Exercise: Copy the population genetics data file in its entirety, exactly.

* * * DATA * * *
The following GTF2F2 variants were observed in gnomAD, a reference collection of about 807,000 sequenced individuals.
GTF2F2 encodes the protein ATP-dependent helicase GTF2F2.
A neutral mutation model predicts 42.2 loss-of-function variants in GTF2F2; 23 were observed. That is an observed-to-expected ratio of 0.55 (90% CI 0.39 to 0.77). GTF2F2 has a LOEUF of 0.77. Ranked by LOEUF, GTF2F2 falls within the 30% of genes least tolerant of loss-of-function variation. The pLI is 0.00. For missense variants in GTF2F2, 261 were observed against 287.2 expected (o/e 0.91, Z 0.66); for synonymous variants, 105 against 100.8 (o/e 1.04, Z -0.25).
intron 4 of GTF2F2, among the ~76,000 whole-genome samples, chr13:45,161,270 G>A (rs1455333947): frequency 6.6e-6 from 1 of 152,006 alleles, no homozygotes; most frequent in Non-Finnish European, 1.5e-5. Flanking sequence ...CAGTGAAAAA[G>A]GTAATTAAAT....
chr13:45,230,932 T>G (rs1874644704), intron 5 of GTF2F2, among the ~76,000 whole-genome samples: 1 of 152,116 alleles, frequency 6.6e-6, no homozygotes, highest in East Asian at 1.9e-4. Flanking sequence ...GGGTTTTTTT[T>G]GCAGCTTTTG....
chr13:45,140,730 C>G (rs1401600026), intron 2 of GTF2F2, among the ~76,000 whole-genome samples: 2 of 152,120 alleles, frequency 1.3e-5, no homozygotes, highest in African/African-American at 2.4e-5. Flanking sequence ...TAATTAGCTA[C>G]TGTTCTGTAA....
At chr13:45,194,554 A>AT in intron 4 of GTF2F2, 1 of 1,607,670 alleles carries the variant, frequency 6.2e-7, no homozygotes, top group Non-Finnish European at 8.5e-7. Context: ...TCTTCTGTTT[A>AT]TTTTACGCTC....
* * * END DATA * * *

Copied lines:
The following GTF2F2 variants were observed in gnomAD, a reference collection of about 807,000 sequenced individuals.
GTF2F2 encodes the protein ATP-dependent helicase GTF2F2.
A neutral mutation model predicts 42.2 loss-of-function variants in GTF2F2; 23 were observed. That is an observed-to-expected ratio of 0.55 (90% CI 0.39 to 0.77). GTF2F2 has a LOEUF of 0.77. Ranked by LOEUF, GTF2F2 falls within the 30% of genes least tolerant of loss-of-function variation. The pLI is 0.00. For missense variants in GTF2F2, 261 were observed against 287.2 expected (o/e 0.91, Z 0.66); for synonymous variants, 105 against 100.8 (o/e 1.04, Z -0.25).
intron 4 of GTF2F2, among the ~76,000 whole-genome samples, chr13:45,161,270 G>A (rs1455333947): frequency 6.6e-6 from 1 of 152,006 alleles, no homozygotes; most frequent in Non-Finnish European, 1.5e-5. Flanking sequence ...CAGTGAAAAA[G>A]GTAATTAAAT....
chr13:45,230,932 T>G (rs1874644704), intron 5 of GTF2F2, among the ~76,000 whole-genome samples: 1 of 152,116 alleles, frequency 6.6e-6, no homozygotes, highest in East Asian at 1.9e-4. Flanking sequence ...GGGTTTTTTT[T>G]GCAGCTTTTG....
chr13:45,140,730 C>G (rs1401600026), intron 2 of GTF2F2, among the ~76,000 whole-genome samples: 2 of 152,120 alleles, frequency 1.3e-5, no homozygotes, highest in African/African-American at 2.4e-5. Flanking sequence ...TAATTAGCTA[C>G]TGTTCTGTAA....
At chr13:45,194,554 A>AT in intron 4 of GTF2F2, 1 of 1,607,670 alleles carries the variant, frequency 6.2e-7, no homozygotes, top group Non-Finnish European at 8.5e-7. Context: ...TCTTCTGTTT[A>AT]TTTTACGCTC....